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a. A small wheeled vehicle typically pushed by hand: a shopping cart; a pastry cart.
b. A two-wheeled vehicle drawn by an animal and used in farm work and for transporting goods.
c. The quantity that a cart can hold.
a. An open two-wheeled carriage.
b. A light motorized vehicle: a golf cart.
tr.v. cart·ed, cart·ing, carts
1. To convey in a cart or truck: cart away garbage.
2. To convey laboriously or unceremoniously; lug: carted the whole gang off to jail.

[Middle English, wagon, from Old English cræt and from Old Norse kartr.]

cart′a·ble adj.
cart′er n.


 (kär′tər), Betty Originally Lillie Mae Jones. 1930-1998.
American jazz singer known for her complex renditions of popular songs. She formed her own trio in 1969.


, Howard 1874-1939.
British archaeologist who worked in Egypt after 1890 and discovered (1922) the tomb of Tutankhamun.

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Jimmy Carter


, James Earl, Jr. Known as "Jimmy." Born 1924.
The 39th president of the United States (1977-1981), who is credited with establishing energy-conservation measures, concluding the Panama Canal treaties (1978), and negotiating the Camp David accords between Egypt and Israel (1979). He won the 2002 Nobel Peace Prize.

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Rosalynn Carter


, Rosalynn Smith Born 1927.
First lady of the United States (1977-1981) as the wife of President Jimmy Carter. She worked to improve mental health services and services for the elderly.


1. (Biography) Angela. 1940–92, British novelist and writer; her novels include The Magic Toyshop (1967) and Nights at the Circus (1984)
2. (Biography) Dan(iel William). born 1982, New Zealand Rugby Union player; record points scorer in test match rugby
3. (Biography) Elliot (Cook). 1908–2012, US composer. His works include the Piano Sonata (1945–46), four string quartets, and other orchestral pieces: Pulitzer Prize 1960, 1973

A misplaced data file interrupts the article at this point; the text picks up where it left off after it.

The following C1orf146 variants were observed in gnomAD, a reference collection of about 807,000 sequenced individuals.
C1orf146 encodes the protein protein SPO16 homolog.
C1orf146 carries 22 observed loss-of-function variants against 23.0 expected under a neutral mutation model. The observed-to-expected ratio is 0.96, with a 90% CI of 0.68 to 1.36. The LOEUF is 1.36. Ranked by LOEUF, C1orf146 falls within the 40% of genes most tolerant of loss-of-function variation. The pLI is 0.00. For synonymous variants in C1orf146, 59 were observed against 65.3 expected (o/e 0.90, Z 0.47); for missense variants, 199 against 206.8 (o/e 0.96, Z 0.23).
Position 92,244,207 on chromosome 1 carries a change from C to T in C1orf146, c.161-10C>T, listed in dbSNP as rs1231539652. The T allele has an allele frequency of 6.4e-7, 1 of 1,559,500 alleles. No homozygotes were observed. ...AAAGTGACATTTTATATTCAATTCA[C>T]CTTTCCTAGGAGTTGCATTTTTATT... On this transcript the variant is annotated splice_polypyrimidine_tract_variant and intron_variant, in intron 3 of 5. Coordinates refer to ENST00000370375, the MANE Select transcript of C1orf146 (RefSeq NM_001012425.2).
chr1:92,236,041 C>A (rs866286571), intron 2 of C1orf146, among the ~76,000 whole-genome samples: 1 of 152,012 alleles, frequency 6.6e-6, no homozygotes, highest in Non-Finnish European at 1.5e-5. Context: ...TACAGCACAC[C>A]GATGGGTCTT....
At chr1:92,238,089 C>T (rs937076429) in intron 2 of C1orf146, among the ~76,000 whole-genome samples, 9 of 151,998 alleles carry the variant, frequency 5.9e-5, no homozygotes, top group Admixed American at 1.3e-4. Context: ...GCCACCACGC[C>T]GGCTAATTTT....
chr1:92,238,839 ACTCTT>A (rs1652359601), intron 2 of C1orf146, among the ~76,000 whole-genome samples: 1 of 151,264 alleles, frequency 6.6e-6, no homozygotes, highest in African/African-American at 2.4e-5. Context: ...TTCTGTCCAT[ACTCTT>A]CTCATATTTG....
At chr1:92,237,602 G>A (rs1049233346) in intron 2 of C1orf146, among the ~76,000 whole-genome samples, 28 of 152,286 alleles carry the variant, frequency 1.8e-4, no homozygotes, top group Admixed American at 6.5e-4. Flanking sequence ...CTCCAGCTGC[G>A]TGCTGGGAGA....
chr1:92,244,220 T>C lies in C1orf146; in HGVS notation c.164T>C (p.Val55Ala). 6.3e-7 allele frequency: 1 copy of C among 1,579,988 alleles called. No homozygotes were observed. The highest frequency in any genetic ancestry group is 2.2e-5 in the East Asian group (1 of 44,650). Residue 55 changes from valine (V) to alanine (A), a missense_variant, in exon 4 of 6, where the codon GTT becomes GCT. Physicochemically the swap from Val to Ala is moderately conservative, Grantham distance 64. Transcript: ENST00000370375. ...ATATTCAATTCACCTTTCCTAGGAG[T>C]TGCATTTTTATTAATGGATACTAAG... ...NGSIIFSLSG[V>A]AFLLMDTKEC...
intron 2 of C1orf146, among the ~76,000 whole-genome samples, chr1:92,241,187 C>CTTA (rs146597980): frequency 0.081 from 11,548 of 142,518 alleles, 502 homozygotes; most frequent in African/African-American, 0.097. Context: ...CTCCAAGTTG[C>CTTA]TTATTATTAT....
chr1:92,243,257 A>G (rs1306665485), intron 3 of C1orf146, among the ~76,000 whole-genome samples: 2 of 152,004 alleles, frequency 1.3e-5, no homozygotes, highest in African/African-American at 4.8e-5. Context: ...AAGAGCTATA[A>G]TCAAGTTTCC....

4. (Biography) Howard. 1873–1939, English Egyptologist: excavated the tomb of the Pharaoh Tutankhamen
5. (Biography) James Earl, known as Jimmy. born 1924, US Democratic statesman; 39th president of the US (1977–81); Nobel peace prize 2002


(ˈkɑr tər)

1. Elliott (Cook, Jr.), born 1908, U.S. composer.
2. James Earl, Jr. (Jimmy), born 1924, 39th president of the U.S. 1977–81.
ThesaurusAntonymsRelated WordsSynonymsLegend:
Noun1.Carter - Englishman and Egyptologist who in 1922 discovered and excavated the tomb of Tutankhamen (1873-1939)
2.Carter - 39th President of the United States (1924-)Carter - 39th President of the United States (1924-)
3.Carter - someone whose work is driving cartscarter - someone whose work is driving carts
worker - a person who works at a specific occupation; "he is a good worker"


[ˈkɑːtəʳ] Ncarretero m


nFuhrmann m


[ˈkɑːtəʳ] ncarrettiere m
References in periodicals archive ?
Letters and papers from well-known authors such as Margaret Atwood, JG Ballard, Angela Carter, Iris Murdoch, Ben Okri and Fay Weldon, feature in the Granta magazine archive,which is comprised of around three-hundred boxes of material.